'National Gallery': Cannes Review
Frederick Wiseman (“Public Housing,” “At Berkeley”) sets his sights on one of Great Britain’s most famous museums in this Cannes-selected documentary.
CANNES -- If a picture is worth a thousand words, then there are at least a million things worth talking about in National Gallery, 84-year-old documentary maestro Frederick Wiseman’s exhaustive portrait of one of the world’s most venerable art institutions. Less focused on the bureaucratic aspects of running a museum than on the handling, restoration and interpretation of the paintings themselves, this 3-hour crash course in art history -- with an emphasis on heavyweights Da Vinci, Rembrandt and Turner -- will most likely appeal to students and aficionados, while some niche theatrical bookings, especially in Europe, could follow a premiere in the Directors’ Fortnight.
With nearly forty features under his belt, many of them clocking in at close to three hours, Wiseman by now has his all-inclusive, fly-on-the-wall approach down pat, and here he weaves together dozens of characters and scenes chronicling the famous London-based establishment, which was originally founded in 1824 (with paintings purchased from profits made off the slave trade, as one scene points out). Yet unlike the director’s 2013 university profile At Berkeley, or classics like Public Housing and Domestic Violence, National Gallery feels closer to a pure aesthetic investigation than an organizational exposé, and in that respect is reminiscent of recent Paris-set films like Crazy Horse or La Danse, mostly allowing the art to speak for itself.
Which is not to say that this extensive visit -- filmed in 2011-2012 during major exhibitions for Titian, Leonardo Da Vinci and J.M.W. Turner (also the subject of Mike Leigh’s Cannes competition entry) -- isn’t chock full of commentary, and the movie’s primary subjects are in fact the various tour guides and experts whose remarks help illuminate works that, for many, may seem either too old or too well-known to feel entirely new. But as one specialist points out, “Paintings change, and how you look at them changes as well,” and what’s most fascinating about Wiseman’s approach is the way it captures hidden or unfamiliar aspects of certain pieces, especially in scenes detailing the painstaking labor that goes into conserving the museum’s massive collection.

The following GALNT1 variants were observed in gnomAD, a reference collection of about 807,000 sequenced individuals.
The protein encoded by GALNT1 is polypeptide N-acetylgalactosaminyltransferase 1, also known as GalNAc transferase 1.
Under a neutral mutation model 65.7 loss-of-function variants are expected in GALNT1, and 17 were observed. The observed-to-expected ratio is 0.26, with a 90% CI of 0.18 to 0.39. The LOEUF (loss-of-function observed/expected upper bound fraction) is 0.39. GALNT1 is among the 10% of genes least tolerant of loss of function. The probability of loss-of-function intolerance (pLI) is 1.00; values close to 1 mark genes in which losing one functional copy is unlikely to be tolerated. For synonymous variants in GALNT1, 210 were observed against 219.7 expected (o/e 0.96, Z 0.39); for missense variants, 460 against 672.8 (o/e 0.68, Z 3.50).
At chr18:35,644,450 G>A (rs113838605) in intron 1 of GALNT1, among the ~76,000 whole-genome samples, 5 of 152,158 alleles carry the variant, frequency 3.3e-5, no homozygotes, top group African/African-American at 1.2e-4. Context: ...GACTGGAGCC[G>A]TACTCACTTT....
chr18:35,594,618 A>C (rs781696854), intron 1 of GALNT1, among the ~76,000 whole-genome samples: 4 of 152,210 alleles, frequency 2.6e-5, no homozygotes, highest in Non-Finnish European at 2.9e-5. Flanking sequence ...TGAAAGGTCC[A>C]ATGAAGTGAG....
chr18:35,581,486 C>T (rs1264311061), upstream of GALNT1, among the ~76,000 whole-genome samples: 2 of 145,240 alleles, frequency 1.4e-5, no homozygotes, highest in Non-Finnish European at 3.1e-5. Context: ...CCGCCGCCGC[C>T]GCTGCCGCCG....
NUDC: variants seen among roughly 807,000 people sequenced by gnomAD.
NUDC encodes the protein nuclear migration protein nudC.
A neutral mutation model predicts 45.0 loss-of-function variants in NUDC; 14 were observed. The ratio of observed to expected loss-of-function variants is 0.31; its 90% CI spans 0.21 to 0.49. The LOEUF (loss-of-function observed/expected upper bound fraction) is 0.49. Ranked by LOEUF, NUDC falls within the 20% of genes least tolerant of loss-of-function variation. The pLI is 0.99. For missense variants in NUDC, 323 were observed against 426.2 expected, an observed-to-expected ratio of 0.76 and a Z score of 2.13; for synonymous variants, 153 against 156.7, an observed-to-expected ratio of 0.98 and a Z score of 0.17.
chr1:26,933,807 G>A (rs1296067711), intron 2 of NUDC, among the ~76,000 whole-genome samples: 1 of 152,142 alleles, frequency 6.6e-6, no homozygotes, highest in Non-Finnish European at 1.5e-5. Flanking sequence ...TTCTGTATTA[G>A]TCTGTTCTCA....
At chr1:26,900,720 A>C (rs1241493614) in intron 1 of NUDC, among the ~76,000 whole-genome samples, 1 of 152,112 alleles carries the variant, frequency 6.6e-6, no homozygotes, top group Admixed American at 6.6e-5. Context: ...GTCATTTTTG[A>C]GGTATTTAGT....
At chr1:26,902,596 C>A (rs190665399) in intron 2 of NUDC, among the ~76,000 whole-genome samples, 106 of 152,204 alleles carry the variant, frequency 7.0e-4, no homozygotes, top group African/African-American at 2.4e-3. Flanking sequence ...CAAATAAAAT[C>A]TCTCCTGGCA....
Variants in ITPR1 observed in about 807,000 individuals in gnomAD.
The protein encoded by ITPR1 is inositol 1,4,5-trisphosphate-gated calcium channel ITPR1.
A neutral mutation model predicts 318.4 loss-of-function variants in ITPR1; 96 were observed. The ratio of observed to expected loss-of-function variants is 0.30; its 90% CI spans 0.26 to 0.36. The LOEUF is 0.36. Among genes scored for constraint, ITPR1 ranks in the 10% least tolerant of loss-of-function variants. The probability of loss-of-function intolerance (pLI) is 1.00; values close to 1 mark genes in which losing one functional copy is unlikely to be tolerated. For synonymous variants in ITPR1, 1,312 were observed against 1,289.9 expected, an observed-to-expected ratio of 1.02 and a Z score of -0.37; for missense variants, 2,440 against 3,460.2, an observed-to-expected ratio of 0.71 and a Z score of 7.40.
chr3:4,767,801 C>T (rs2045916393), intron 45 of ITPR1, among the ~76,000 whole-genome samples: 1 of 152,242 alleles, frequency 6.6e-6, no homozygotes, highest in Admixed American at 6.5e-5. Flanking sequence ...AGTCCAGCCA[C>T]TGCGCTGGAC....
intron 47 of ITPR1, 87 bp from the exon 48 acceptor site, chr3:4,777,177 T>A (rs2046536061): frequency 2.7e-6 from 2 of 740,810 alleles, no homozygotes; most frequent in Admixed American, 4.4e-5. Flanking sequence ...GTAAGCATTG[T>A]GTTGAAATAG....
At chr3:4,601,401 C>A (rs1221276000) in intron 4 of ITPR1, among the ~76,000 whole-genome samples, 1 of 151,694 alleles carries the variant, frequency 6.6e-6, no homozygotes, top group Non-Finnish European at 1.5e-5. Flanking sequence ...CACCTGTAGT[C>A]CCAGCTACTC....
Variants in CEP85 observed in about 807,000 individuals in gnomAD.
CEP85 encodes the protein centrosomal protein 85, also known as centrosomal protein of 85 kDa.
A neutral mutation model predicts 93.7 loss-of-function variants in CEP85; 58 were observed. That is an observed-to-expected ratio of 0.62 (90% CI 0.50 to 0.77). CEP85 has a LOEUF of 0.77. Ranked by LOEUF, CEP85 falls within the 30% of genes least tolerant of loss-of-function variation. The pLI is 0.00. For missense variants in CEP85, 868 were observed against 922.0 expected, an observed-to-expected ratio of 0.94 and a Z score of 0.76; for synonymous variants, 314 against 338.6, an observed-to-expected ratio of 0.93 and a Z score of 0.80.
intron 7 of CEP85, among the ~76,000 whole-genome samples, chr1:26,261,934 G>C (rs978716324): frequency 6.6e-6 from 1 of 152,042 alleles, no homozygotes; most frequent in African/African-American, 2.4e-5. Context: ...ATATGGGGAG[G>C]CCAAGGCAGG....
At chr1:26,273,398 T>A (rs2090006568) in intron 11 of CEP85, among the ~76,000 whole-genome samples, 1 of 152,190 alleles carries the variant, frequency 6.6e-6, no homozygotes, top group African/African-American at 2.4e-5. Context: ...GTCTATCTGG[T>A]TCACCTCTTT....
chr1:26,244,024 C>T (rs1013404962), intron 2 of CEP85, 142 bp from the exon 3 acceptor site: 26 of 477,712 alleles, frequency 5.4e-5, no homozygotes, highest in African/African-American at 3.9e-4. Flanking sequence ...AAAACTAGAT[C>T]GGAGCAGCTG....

One such memorable sequence involves the meticulous cleaning of Rembrandt’s Portrait of Frederick Rihel on Horseback, revealing much about the Dutch artist’s own work process, including a second painting that was concealed beneath the first one. Several scenes return to one of the Gallery’s prize pieces: Da Vinci’s The Virgin of the Rocks, covering everything from Leonardo’s painting technique to the way the canvas should be framed and exhibited. And Turner’s many seascapes, including The Fighting Temeraire, are also given special emphasis, underlying the artist’s brilliant use of color and light, as well as his fascination with ancient history.
While the excess of detail can sometimes feel like overkill -- a lengthy discussion about music in Jean-Antoine Watteau’s The Scale of Love is especially tedious and may only interest Rococo specialists -- the film changes up subjects enough to remain engaging, particularly when it chronicles the meticulous craft of preserving paintings from hundreds of years ago. Less convincing is Wiseman’s account of the museum’s various administrative struggles, which are captured in a few select boardroom sequences but otherwise take a back seat to all the classic art analysis.
In that sense, National Gallery sets itself apart from other portraits of famous European culture houses, such as Nicolas Philibert’s La Ville Louvre and Johannes Holzhausen’s Vienna-set The Great Museum -- both dialogue-less documentaries more concerned with the behind-the scenes action than the actual artwork. Here, Wiseman sets his sights on what is truly masterly about the Old Masters, demonstrating why places like the National Gallery exist in the first place, and why they should be cherished and maintained.
Tech credits are on par with the rest of the director’s oeuvre, with Wiseman himself handling editing and sound recording, and regular cinematographer John Davey providing crisp HD lensing. Terrific color correction helps to capture all the paintings in the best possible light.
Venue: Cannes Film Festival (Directors’ Fortnight)
Production companies: Gallery Film LLC, Ideale Audience
Director: Frederick Wiseman
Producers: Frederick Wiseman, Pierre-Olivier Bordet
Director of photography: John Davey
Editor: Frederick Wiseman
Sales Agent: Doc & Film International, Zipporah Films
No rating, 181 minutes